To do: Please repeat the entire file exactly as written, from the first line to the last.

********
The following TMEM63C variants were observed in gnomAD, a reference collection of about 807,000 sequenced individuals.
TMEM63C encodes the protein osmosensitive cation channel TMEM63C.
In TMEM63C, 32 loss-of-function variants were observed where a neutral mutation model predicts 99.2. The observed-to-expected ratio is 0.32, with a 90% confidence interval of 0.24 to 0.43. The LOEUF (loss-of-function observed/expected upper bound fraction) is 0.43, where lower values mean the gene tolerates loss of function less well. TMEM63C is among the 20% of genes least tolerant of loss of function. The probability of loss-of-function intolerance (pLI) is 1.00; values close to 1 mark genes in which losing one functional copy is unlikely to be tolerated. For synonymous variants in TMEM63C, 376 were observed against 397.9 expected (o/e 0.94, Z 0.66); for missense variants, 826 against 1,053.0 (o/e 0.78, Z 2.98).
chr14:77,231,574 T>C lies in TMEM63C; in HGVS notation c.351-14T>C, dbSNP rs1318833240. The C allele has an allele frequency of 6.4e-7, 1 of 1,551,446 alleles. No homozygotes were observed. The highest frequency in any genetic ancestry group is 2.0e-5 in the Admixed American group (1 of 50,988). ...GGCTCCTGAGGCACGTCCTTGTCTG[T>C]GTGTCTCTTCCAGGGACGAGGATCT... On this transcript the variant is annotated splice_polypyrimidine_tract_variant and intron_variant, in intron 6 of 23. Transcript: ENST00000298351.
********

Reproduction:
The following TMEM63C variants were observed in gnomAD, a reference collection of about 807,000 sequenced individuals.
TMEM63C encodes the protein osmosensitive cation channel TMEM63C.
In TMEM63C, 32 loss-of-function variants were observed where a neutral mutation model predicts 99.2. The observed-to-expected ratio is 0.32, with a 90% confidence interval of 0.24 to 0.43. The LOEUF (loss-of-function observed/expected upper bound fraction) is 0.43, where lower values mean the gene tolerates loss of function less well. TMEM63C is among the 20% of genes least tolerant of loss of function. The probability of loss-of-function intolerance (pLI) is 1.00; values close to 1 mark genes in which losing one functional copy is unlikely to be tolerated. For synonymous variants in TMEM63C, 376 were observed against 397.9 expected (o/e 0.94, Z 0.66); for missense variants, 826 against 1,053.0 (o/e 0.78, Z 2.98).
chr14:77,231,574 T>C lies in TMEM63C; in HGVS notation c.351-14T>C, dbSNP rs1318833240. The C allele has an allele frequency of 6.4e-7, 1 of 1,551,446 alleles. No homozygotes were observed. The highest frequency in any genetic ancestry group is 2.0e-5 in the Admixed American group (1 of 50,988). ...GGCTCCTGAGGCACGTCCTTGTCTG[T>C]GTGTCTCTTCCAGGGACGAGGATCT... On this transcript the variant is annotated splice_polypyrimidine_tract_variant and intron_variant, in intron 6 of 23. Transcript: ENST00000298351.